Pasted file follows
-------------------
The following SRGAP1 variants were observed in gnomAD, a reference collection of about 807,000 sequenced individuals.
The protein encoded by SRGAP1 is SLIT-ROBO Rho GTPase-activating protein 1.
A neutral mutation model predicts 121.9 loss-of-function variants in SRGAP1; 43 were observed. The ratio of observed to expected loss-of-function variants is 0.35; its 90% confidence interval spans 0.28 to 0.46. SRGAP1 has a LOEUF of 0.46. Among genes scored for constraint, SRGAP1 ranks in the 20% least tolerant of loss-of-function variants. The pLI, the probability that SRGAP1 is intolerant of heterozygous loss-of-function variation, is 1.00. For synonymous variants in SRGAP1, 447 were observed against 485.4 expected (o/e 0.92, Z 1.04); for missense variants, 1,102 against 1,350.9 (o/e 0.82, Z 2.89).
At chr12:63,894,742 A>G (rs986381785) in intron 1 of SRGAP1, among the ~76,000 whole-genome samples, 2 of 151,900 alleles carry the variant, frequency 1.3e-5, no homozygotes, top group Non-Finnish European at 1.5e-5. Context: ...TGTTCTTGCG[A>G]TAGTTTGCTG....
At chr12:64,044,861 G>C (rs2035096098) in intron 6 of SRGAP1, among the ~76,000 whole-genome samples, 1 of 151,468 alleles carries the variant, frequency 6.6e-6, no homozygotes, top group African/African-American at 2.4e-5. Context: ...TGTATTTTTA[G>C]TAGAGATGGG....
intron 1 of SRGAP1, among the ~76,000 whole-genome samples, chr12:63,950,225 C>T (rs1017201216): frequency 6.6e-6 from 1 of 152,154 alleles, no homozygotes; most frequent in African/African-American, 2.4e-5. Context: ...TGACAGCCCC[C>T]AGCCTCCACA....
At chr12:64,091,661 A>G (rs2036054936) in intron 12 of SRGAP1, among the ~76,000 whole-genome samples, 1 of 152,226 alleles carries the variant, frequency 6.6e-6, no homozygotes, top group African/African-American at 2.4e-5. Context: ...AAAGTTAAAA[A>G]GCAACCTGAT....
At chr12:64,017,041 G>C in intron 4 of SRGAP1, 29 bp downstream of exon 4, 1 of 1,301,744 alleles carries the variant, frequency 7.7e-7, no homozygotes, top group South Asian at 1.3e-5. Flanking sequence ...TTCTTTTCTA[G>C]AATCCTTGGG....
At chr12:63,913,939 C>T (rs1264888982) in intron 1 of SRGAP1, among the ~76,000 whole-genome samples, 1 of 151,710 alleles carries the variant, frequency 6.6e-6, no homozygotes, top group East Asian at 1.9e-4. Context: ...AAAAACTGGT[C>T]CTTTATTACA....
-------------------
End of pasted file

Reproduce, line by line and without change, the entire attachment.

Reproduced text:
The following SRGAP1 variants were observed in gnomAD, a reference collection of about 807,000 sequenced individuals.
The protein encoded by SRGAP1 is SLIT-ROBO Rho GTPase-activating protein 1.
A neutral mutation model predicts 121.9 loss-of-function variants in SRGAP1; 43 were observed. The ratio of observed to expected loss-of-function variants is 0.35; its 90% confidence interval spans 0.28 to 0.46. SRGAP1 has a LOEUF of 0.46. Among genes scored for constraint, SRGAP1 ranks in the 20% least tolerant of loss-of-function variants. The pLI, the probability that SRGAP1 is intolerant of heterozygous loss-of-function variation, is 1.00. For synonymous variants in SRGAP1, 447 were observed against 485.4 expected (o/e 0.92, Z 1.04); for missense variants, 1,102 against 1,350.9 (o/e 0.82, Z 2.89).
At chr12:63,894,742 A>G (rs986381785) in intron 1 of SRGAP1, among the ~76,000 whole-genome samples, 2 of 151,900 alleles carry the variant, frequency 1.3e-5, no homozygotes, top group Non-Finnish European at 1.5e-5. Context: ...TGTTCTTGCG[A>G]TAGTTTGCTG....
At chr12:64,044,861 G>C (rs2035096098) in intron 6 of SRGAP1, among the ~76,000 whole-genome samples, 1 of 151,468 alleles carries the variant, frequency 6.6e-6, no homozygotes, top group African/African-American at 2.4e-5. Context: ...TGTATTTTTA[G>C]TAGAGATGGG....
intron 1 of SRGAP1, among the ~76,000 whole-genome samples, chr12:63,950,225 C>T (rs1017201216): frequency 6.6e-6 from 1 of 152,154 alleles, no homozygotes; most frequent in African/African-American, 2.4e-5. Context: ...TGACAGCCCC[C>T]AGCCTCCACA....
At chr12:64,091,661 A>G (rs2036054936) in intron 12 of SRGAP1, among the ~76,000 whole-genome samples, 1 of 152,226 alleles carries the variant, frequency 6.6e-6, no homozygotes, top group African/African-American at 2.4e-5. Context: ...AAAGTTAAAA[A>G]GCAACCTGAT....
At chr12:64,017,041 G>C in intron 4 of SRGAP1, 29 bp downstream of exon 4, 1 of 1,301,744 alleles carries the variant, frequency 7.7e-7, no homozygotes, top group South Asian at 1.3e-5. Flanking sequence ...TTCTTTTCTA[G>C]AATCCTTGGG....
At chr12:63,913,939 C>T (rs1264888982) in intron 1 of SRGAP1, among the ~76,000 whole-genome samples, 1 of 151,710 alleles carries the variant, frequency 6.6e-6, no homozygotes, top group East Asian at 1.9e-4. Context: ...AAAAACTGGT[C>T]CTTTATTACA....